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During the most tumultuous time for media in generations, filmmaker Andrew Rossi gains unprecedented access to the newsroom at The New York Times. For a year, he follows journalists on the paper's Media Desk, a department created to cover the transformation of the media industry. Through this prism, a complex view emerges of a media landscape fraught with both peril and opportunity, especially at the Times itself. Written by
Re Paper thin insights, Weekend Australian Review Sept 24-25
In his review of the documentary Page One: Inside the New York Times (Paper thin insights, Weekend Australian Review Sept 24-25) Lynden Barber ascribes "pomposity" to the Time's "olde-timey font and (page) layout." I disagree- in its bid to be more appealing and easier to read, the layout and font chosen are tastefully attention-drawing and pleasing to look at. Indeed I consider the highly characteristic New York Times nameplate a historical objet d'art. Such strongly-felt reactions to the visual elements of typography used by the New York Times suggests that the typeface form of letters selected for headlines and article text as well as page layout are designed to evoke visceral responses in profoundly subliminal ways.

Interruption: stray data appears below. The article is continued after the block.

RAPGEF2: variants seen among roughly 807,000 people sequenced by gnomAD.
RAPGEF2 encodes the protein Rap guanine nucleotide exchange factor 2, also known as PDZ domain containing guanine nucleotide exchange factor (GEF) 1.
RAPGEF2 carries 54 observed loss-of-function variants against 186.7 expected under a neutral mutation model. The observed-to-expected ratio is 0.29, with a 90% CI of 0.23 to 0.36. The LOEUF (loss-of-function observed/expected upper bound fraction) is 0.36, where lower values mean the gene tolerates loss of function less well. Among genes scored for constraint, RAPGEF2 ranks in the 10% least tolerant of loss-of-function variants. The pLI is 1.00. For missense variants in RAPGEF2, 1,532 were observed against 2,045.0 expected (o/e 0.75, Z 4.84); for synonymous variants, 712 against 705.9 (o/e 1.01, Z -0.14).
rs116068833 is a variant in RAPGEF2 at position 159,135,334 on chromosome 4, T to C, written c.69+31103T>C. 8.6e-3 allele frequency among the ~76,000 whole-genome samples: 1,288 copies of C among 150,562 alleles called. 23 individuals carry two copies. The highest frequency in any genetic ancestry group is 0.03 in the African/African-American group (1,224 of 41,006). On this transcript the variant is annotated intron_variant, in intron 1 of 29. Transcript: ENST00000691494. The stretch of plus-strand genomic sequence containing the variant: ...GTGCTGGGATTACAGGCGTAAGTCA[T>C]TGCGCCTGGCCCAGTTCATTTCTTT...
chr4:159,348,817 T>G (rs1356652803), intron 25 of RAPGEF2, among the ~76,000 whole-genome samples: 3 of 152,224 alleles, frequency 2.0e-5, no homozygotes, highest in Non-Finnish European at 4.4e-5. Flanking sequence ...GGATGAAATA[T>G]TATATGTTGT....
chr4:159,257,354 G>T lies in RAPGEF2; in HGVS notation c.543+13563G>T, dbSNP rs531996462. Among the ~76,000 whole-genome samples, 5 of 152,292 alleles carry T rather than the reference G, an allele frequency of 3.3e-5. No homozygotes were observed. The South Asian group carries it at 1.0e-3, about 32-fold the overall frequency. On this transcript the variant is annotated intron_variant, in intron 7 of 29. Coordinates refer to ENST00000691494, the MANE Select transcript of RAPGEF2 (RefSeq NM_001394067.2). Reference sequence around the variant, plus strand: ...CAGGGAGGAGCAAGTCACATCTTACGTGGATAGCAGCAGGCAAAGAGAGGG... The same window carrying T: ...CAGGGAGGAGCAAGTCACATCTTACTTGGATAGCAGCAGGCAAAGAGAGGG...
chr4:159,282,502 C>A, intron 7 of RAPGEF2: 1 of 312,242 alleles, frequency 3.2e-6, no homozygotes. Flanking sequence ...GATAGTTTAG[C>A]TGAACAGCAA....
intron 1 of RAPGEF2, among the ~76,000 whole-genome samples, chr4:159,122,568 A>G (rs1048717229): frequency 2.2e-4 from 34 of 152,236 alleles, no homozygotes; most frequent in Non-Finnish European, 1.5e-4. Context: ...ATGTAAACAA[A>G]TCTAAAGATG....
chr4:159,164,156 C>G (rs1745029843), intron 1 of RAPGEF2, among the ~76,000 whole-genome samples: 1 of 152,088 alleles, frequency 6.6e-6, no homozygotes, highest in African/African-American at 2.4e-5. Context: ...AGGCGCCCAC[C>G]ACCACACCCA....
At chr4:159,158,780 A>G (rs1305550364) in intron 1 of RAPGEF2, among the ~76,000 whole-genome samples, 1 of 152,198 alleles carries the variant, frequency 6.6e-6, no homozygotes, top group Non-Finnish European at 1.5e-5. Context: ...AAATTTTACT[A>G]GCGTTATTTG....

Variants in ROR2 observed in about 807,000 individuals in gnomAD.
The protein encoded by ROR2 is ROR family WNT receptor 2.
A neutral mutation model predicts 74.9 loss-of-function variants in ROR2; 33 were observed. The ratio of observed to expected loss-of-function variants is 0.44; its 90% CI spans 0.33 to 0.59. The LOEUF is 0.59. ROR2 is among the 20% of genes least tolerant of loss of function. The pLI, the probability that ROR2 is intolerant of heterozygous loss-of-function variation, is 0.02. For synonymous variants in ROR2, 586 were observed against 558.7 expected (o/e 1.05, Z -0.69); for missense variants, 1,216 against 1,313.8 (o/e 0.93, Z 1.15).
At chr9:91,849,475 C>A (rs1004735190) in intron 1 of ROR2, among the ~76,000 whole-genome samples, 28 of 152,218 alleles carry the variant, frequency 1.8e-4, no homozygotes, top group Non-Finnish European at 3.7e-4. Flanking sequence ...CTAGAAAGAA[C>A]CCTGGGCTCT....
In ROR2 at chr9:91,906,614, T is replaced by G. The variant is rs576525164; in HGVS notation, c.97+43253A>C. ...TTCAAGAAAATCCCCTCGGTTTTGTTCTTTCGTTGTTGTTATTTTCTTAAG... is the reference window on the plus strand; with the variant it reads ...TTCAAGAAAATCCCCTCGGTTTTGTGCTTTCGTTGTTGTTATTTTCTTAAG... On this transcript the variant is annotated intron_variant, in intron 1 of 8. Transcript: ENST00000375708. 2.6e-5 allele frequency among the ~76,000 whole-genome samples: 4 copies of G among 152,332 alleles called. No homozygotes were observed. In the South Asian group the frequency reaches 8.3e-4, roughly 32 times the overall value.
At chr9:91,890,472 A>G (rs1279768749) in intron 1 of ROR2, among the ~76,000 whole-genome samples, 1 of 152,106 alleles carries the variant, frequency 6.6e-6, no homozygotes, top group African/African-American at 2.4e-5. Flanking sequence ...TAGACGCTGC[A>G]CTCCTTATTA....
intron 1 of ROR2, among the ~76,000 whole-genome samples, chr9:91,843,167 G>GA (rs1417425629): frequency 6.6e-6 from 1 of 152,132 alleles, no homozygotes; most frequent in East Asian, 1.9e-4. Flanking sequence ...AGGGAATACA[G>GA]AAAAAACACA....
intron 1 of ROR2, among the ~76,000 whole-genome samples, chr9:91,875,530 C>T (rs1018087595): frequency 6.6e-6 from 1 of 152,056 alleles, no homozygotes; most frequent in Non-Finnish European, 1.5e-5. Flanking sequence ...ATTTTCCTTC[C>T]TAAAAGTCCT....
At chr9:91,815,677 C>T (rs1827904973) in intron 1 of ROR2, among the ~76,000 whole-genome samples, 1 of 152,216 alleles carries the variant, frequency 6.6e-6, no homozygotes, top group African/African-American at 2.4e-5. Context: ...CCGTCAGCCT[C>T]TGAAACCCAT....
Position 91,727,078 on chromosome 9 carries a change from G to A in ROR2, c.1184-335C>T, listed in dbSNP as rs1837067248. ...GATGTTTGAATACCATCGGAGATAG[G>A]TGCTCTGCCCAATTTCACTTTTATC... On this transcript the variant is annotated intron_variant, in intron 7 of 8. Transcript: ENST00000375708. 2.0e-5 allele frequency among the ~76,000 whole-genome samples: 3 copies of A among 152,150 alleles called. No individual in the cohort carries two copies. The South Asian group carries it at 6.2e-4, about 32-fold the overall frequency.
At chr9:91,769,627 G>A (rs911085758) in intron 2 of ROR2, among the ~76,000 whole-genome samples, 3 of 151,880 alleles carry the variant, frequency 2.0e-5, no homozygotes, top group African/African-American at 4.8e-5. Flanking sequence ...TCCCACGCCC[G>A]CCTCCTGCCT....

The impact of fonts and page layouts is not just an esoteric aside. The style used for letters, characters and text are designed to create a readable, coherent and visually satisfying whole that works without the reader being aware.Where spoken language relies on tone of voice or gesture to convey emotion, the visual form of the written word possesses mysterious connotative properties. Ultimately, a world without charismatically constructed letters, numerals and symbols leads to unengaging newspapers, whether online or in print.
Joseph Y Ting
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